Of all the financial products available to help Canadians protect their life's assets, perhaps the most overlooked is life insurance. Blame it on its natural association with death, the necessity of monthly premiums or even the memory of aggressive direct marketers.
Whatever the reason, life insurance has received a bum rap, experts say.
When built into a larger financial strategy, life insurance can reduce taxes and enhance wealth. You still can't beat death, but you may be able to beat the taxman with life insurance payouts.
The primary role of life insurance is to cover known liabilities, says George Denier, a Toronto-based retired partner at KPMG working on contract with the firm's high-net-wealth services unit.
Life insurance policies can be used to cover capital-gains taxes on real estate, RRSPs or the value of a business in the event of the owner's death, so that heirs need not sell assets to pay taxes. The advantage of using a whole life or term life policy to cover these costs is that the policy is paid out almost immediately and is tax free.
A life insurance policy can also serve as a tax-free source of retirement income, Mr. Denier notes. He gives the example of an individual with a policy that over the years has built up $500,000 worth of cash surrender value and/or a $1.5-million mortality benefit.
"I go to a financial institution and say, 'What will you lend me against this?' and I pledge the proceeds of that policy to them as security for a loan. What I have done is accessed money to fund retirement without incurring any taxation."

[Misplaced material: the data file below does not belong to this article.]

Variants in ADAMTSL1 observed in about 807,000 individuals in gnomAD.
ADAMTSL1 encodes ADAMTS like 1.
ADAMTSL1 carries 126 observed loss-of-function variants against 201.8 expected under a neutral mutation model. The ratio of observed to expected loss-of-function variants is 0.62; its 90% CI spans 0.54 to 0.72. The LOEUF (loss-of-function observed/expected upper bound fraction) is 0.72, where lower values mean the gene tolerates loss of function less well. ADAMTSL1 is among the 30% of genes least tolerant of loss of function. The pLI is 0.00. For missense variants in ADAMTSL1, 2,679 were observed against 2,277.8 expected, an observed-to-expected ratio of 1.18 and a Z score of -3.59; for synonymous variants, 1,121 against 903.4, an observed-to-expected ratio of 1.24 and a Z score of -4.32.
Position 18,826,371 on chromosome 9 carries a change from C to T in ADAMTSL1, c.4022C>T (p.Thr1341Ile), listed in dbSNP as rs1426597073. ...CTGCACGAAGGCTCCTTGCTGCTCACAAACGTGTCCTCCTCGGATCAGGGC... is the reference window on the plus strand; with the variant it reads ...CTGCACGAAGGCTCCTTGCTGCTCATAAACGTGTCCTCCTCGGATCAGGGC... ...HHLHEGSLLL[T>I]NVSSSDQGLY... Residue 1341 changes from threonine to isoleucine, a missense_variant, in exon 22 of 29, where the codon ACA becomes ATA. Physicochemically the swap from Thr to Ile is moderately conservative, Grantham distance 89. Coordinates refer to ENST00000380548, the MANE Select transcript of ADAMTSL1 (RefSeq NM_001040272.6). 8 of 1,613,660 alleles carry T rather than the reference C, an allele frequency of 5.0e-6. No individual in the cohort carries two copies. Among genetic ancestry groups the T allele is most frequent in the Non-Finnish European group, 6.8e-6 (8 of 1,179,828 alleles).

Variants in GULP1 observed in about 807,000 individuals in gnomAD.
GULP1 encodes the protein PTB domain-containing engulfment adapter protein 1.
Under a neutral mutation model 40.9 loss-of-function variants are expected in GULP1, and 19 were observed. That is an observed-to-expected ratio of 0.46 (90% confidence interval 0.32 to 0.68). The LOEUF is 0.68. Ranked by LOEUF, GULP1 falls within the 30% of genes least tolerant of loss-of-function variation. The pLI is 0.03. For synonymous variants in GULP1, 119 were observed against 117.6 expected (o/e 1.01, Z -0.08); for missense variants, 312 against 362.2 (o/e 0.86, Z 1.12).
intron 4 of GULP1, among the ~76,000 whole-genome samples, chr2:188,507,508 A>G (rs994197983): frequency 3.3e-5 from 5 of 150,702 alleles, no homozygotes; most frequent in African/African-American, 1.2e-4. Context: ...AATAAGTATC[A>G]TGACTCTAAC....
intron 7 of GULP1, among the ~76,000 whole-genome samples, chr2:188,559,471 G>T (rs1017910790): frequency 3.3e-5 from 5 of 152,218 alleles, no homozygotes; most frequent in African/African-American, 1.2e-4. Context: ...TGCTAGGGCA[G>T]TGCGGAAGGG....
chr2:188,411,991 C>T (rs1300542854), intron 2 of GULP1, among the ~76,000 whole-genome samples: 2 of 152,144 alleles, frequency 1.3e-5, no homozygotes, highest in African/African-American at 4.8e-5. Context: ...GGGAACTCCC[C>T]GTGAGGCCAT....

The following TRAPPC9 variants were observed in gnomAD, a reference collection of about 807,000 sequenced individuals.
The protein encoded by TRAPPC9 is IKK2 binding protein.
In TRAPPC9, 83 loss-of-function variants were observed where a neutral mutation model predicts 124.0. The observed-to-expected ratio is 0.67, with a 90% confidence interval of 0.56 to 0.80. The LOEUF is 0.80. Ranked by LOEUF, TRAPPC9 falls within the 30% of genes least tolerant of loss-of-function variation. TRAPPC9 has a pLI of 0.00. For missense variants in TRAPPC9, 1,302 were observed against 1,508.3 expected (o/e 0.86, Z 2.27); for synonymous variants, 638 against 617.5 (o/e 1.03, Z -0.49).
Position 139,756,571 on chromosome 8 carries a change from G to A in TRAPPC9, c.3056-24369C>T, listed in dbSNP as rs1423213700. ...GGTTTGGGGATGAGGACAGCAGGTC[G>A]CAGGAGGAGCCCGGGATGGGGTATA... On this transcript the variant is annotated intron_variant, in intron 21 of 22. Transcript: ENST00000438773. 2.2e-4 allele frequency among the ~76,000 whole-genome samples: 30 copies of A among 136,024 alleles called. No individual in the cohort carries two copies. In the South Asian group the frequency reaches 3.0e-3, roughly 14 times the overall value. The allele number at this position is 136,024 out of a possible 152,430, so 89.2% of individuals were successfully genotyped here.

The sudden need to come up with a pile of cash to pay off accumulated - but not necessarily unexpected - liabilities upon the death of a private business owner is a big reason only 10 per cent of family businesses in Canada make it past the second generation, said Hugh MacDonald, president of Canadian Succession Protection Co., a firm that specializes in using life insurance in succession planning. A corporate-owned policy will provide a spouse with tax-free cash when the business is weakest, after the death of an owner.
Life insurance can also provide an effective way to avoid probate fees and other entanglements that can come with the windup of an estate, adds Mr. MacDonald. "If you name your wife, kids or grandchildren as a beneficiary of a life insurance policy, it is outside your will, and you save probate," he says. "It is one of the few vehicles other than a trust which has creditor protection."
Insurance policies can also be used to cover the value of RRSPs, income property or vacation property. Mr. MacDonald gives the example of a cottage originally bought for $100,000. Now it's worth $400,000, and a widow wants her children to inherit it. "That $300,000 [difference]is a capital gain triggered on death, almost half of which is taxable in Ontario, triggering a $70,000 liquidity problem for the children. You can buy a permanent policy [on the mother]to cover that liability."
Taking out a policy on mom to pay for a middle-aged couple's retirement may sound ghoulish, but it is proving to be increasingly popular, said Frank Wiginton, a Toronto-based certified financial planner with TriDelta Financial Partners. The "mom as retirement vehicle" scheme does not work in all cases, he noted: The parent must be in good enough health to be insurable and not too young, he said.
In an ideal scenario, a mother is in her late 60s or early 70s while the son, the policy holder, is in his 40s. The yearly premium is $16,500, or $247,500 over 15 years.
"About the time you are likely to go into retirement, that is when mom is likely to die," he said. In a case where the mother lives 20 more years, the result is a tax-free payout of $500,000, which Mr. Wiginton says results in an annual after-tax return in excess of 5 per cent. "It is a very attractive strategy," he says.
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